Breaking the Silence: Addressing Mental Health Among Dairy Farmers

Mental Health Awareness Month is important for everyone, including dairy farmers. Dairy farming is hard work. The long hours and physical labor can be stressful. Farmers often face challenges like bad weather, equipment problems, and fluctuating milk prices. These occupational hazards, coupled with the high risk of injury and the resultant chronic pain, exacerbate the stress levels experienced by farmers.

Farmers are more likely to experience symptoms of psychological distress, including burnout, hopelessness, and loss of self-esteem. Suicide rates among farmers are 2-5 times higher than the national average.

Conditions such as stress, depression, and anxiety disorders are prevalent, with stress manifesting through irritability, headaches, and trouble sleeping. Depression might present as sadness, anxiety, and decreased energy. Anxiety disorders can lead to panic attacks and disrupt social relationships. Recognizing these symptoms is the first step towards seeking help and managing stress effectively.

Recognizing Mental Health Awareness Month underscores the importance of dairy farmers taking care of their mental health, just as they should take care of their physical health.  Most of all, farmers should know they aren’t alone. Thousands of people across the country struggle with mental health every year. And even fellow MDVA members have dealt with the convergence of stress of work and stress at home.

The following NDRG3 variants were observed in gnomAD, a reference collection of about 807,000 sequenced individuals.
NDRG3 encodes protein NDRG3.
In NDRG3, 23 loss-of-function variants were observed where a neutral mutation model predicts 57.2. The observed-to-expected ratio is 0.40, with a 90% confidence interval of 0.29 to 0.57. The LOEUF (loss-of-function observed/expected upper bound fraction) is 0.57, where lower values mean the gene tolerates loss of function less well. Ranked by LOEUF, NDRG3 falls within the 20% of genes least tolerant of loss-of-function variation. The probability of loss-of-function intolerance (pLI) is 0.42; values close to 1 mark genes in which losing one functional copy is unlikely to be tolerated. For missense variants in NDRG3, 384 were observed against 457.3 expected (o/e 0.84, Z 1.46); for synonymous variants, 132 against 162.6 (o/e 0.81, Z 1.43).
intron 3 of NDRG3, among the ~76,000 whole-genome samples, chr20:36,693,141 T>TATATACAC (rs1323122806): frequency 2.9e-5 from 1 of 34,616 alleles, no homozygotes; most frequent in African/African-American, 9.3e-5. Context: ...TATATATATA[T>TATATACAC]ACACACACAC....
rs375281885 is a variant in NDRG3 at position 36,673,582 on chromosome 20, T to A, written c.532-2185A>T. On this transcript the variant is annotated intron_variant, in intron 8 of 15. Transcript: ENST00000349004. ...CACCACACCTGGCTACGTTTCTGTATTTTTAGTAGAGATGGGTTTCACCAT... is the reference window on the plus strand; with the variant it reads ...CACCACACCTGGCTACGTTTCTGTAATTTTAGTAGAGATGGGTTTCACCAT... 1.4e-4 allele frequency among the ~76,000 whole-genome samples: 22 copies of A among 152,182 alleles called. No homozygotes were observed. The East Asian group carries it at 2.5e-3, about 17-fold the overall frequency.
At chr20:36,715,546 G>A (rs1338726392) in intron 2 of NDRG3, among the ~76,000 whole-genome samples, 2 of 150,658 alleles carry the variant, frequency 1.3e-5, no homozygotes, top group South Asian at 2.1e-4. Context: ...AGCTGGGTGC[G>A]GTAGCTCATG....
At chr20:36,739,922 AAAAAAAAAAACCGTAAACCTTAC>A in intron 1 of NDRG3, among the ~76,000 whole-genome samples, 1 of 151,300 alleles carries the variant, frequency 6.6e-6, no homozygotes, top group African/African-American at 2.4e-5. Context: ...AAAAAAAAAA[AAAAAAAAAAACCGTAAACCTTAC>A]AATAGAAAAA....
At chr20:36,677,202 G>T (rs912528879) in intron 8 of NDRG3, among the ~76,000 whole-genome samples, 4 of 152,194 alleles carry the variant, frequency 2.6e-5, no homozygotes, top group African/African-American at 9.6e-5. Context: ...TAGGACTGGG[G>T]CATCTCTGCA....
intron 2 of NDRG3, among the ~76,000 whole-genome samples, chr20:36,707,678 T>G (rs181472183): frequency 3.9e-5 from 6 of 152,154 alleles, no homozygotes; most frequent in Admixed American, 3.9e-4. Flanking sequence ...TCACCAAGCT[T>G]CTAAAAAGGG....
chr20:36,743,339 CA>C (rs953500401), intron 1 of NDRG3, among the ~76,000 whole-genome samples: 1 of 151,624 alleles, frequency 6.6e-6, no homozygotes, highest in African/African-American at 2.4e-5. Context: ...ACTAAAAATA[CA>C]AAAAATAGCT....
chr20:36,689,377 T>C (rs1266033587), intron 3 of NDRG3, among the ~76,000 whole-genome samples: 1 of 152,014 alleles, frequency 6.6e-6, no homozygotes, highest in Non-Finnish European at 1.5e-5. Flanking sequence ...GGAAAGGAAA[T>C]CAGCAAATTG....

When Kira Wetmore, the manager at the dairy at the Piedmont Research Station in North Carolina (an MDVA member), experienced added stress after her son Tate’s premature birth, she knew she needed someone else to talk to. Wetmore sought the counsel of a therapist, and she thinks it can help others dealing with concerns on the farm.

“Sometimes it’s important to hear that other people get help in other ways than just ‘being tough,’” Wetmore says, acknowledging that sometimes farmers have a notion that seeing a therapist does not meet the qualification of being tough. “A therapist can help you see things outside of how you’re seeing them,” Wetmore adds.

Farmers need support from their families and communities, too. Awareness can lead to conversations and actions that make a real difference. Simple acts like checking in with a neighbor or offering a kind word can help.

There is also a new number for mental health crises: 988. This number is easy to remember and can connect farmers to help quickly. If a farmer feels overwhelmed, calling or texting 988 can provide immediate support. It doesn’t replace 911 in an emergency, but it the new national initiative aims to bring mental health assistance to communities faster than ever before.

Our local family farmers care about their communities – but sometimes need a little care of their own. Mental Health Awareness Month reminds everyone that it’s okay to ask for help.